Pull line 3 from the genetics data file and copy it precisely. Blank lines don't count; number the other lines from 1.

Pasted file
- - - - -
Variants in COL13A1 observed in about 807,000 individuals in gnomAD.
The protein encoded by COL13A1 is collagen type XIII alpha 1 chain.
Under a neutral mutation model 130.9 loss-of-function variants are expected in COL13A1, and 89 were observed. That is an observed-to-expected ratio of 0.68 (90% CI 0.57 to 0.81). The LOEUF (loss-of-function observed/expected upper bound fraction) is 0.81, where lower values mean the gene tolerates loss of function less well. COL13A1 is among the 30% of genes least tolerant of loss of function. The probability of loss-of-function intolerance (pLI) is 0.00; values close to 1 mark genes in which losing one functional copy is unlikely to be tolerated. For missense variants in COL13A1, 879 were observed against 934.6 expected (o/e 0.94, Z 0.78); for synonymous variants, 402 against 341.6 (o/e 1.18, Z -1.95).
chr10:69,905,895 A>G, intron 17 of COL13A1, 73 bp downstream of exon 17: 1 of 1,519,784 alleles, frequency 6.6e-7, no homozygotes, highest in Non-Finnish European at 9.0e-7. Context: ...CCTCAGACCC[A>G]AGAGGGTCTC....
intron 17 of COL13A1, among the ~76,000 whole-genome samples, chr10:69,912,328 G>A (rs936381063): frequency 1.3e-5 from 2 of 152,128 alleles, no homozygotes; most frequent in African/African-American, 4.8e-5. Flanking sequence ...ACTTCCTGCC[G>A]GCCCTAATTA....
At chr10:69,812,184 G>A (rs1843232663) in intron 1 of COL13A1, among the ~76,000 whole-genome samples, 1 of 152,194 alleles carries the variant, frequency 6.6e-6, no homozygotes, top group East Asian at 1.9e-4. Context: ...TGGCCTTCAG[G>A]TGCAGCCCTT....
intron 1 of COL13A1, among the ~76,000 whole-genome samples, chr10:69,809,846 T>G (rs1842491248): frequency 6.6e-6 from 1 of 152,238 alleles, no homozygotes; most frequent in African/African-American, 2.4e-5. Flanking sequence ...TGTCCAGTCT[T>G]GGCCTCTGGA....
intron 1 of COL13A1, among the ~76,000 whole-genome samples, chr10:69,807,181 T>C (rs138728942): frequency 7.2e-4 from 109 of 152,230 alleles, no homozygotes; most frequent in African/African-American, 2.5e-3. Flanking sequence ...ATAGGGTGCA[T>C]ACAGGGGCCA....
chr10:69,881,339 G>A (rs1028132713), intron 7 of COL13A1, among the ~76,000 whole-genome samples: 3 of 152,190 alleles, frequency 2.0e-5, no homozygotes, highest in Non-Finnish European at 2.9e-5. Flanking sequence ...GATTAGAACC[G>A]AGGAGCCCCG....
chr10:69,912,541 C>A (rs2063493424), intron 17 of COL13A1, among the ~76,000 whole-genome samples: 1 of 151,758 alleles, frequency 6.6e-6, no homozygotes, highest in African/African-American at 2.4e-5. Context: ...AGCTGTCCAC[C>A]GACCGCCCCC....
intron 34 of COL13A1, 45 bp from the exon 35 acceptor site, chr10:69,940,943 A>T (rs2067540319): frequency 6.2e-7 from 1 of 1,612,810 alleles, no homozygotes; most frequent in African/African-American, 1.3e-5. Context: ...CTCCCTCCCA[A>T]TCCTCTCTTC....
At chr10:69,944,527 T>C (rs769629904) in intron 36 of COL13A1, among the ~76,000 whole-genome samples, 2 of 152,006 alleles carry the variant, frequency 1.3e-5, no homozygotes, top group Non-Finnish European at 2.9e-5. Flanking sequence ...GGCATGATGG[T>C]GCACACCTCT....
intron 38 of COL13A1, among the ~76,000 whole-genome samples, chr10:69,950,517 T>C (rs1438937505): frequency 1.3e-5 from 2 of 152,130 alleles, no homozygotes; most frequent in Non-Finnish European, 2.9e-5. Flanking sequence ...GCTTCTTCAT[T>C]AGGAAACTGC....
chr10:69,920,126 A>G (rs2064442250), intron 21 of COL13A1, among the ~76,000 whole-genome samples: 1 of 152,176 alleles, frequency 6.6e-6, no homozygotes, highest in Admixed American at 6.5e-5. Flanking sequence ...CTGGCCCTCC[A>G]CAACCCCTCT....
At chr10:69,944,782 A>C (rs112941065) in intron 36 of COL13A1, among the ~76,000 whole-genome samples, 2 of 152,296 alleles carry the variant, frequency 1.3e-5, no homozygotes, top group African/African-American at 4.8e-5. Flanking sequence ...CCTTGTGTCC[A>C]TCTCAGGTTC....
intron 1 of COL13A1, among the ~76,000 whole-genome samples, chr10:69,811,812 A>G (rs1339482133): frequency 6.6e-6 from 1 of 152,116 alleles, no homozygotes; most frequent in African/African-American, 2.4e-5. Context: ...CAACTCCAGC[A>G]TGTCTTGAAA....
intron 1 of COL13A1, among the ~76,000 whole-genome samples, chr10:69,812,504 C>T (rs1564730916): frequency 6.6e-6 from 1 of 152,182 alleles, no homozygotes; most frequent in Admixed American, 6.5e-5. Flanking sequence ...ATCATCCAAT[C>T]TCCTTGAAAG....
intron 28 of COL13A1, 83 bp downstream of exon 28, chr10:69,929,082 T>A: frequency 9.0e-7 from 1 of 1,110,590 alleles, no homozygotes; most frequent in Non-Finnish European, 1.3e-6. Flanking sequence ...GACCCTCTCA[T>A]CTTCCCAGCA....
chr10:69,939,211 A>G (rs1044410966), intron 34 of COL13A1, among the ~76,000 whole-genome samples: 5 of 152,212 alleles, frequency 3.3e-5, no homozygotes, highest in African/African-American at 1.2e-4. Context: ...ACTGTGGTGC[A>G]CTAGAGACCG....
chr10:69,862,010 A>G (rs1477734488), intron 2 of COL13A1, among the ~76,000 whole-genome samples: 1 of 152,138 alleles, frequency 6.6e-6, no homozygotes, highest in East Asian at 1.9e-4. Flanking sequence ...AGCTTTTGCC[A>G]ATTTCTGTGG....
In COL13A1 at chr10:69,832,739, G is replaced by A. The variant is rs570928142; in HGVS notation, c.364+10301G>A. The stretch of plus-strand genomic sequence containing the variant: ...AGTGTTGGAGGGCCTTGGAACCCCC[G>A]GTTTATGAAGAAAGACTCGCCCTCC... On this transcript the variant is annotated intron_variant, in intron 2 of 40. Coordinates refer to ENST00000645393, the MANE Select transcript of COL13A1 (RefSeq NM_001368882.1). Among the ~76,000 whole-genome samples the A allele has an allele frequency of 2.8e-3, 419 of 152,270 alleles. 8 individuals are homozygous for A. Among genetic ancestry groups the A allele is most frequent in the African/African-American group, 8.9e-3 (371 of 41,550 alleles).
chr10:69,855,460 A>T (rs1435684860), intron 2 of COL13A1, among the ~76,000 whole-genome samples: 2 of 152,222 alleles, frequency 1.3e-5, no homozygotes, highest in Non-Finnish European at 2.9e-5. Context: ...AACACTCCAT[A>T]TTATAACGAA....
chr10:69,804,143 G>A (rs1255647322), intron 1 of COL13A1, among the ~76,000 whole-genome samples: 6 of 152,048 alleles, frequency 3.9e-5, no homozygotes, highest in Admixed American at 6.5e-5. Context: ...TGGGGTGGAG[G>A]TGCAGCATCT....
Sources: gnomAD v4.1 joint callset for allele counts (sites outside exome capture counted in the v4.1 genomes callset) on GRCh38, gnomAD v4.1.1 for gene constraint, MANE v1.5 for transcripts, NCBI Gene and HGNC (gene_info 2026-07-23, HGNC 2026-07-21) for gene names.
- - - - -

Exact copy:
Under a neutral mutation model 130.9 loss-of-function variants are expected in COL13A1, and 89 were observed. That is an observed-to-expected ratio of 0.68 (90% CI 0.57 to 0.81). The LOEUF (loss-of-function observed/expected upper bound fraction) is 0.81, where lower values mean the gene tolerates loss of function less well. COL13A1 is among the 30% of genes least tolerant of loss of function. The probability of loss-of-function intolerance (pLI) is 0.00; values close to 1 mark genes in which losing one functional copy is unlikely to be tolerated. For missense variants in COL13A1, 879 were observed against 934.6 expected (o/e 0.94, Z 0.78); for synonymous variants, 402 against 341.6 (o/e 1.18, Z -1.95).